Public participation has been implemented with growing frequency as an instrument for dealing with the increased socio-economic and environmental disputes in public infrastructure and construction (PIC) projects in China. The purpose of this paper is to examine the perceptions of major stakeholders on the major aspects related to public participation practices in China's PIC projects and intends to convey what is presently happening in this segment of the construction industry.
Specific topics of the social effects, benefits, forms, and barriers were addressed through a recent survey of the major stakeholders involved in PIC projects. The survey results were used to perform a strength-weakness-opportunity-threat analysis for evaluating the status quo of public participation in PIC projects.
The survey results indicate that the development of public participation practices in China remains relatively slow despite the urgent need to promote this mechanism for solving socio-economic and environmental disputes in PIC projects. Thus, a four-step strategic plan is suggested to be established to overcome main barriers for the implementation of public participation and promote its development in China.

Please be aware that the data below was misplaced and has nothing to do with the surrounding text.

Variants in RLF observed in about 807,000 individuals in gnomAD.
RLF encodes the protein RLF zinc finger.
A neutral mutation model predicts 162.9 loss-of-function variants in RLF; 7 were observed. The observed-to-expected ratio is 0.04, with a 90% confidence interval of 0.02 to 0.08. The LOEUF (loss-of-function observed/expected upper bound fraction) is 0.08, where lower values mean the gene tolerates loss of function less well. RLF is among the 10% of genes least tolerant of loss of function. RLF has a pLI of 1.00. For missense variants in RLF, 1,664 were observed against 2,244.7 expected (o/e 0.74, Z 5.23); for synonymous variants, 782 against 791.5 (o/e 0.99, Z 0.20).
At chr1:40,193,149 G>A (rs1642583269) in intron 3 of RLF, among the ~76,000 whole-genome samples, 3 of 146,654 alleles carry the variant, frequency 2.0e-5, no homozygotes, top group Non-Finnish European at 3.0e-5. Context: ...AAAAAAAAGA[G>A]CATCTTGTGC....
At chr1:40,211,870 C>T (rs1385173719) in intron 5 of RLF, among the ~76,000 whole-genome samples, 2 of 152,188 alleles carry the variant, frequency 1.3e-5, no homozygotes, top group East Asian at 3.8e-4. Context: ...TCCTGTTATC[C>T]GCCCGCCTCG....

This study aims to evaluate the status quo of the public participation practices in China by conducting a national survey, which has never been conducted before. The findings of this paper provide a holistic view of the status quo of public participation in China's PIC projects and promote a better application of this mechanism in the construction industry.
The work described in this paper receives supports from the “Eleventh five-year” Philosophy and Social Science Foundation of Guangdong Province, China (Grant No. 09F-06), the Social Science Foundation of China (Grant No. 09BZZ029) and the “Undergraduate Research Funding Program” of the South China University of Technology, China.
Xie, L., Yang, Y., Hu, Y. and P.C. Chan, A. (2014), "Understanding project stakeholders’ perceptions of public participation in China's infrastructure and construction projects: Social effects, benefits, forms, and barriers", Engineering, Construction and Architectural Management, Vol. 21 No. 2, pp. 224-240. https://doi.org/10.1108/ECAM-12-2012-0115Download as .RIS
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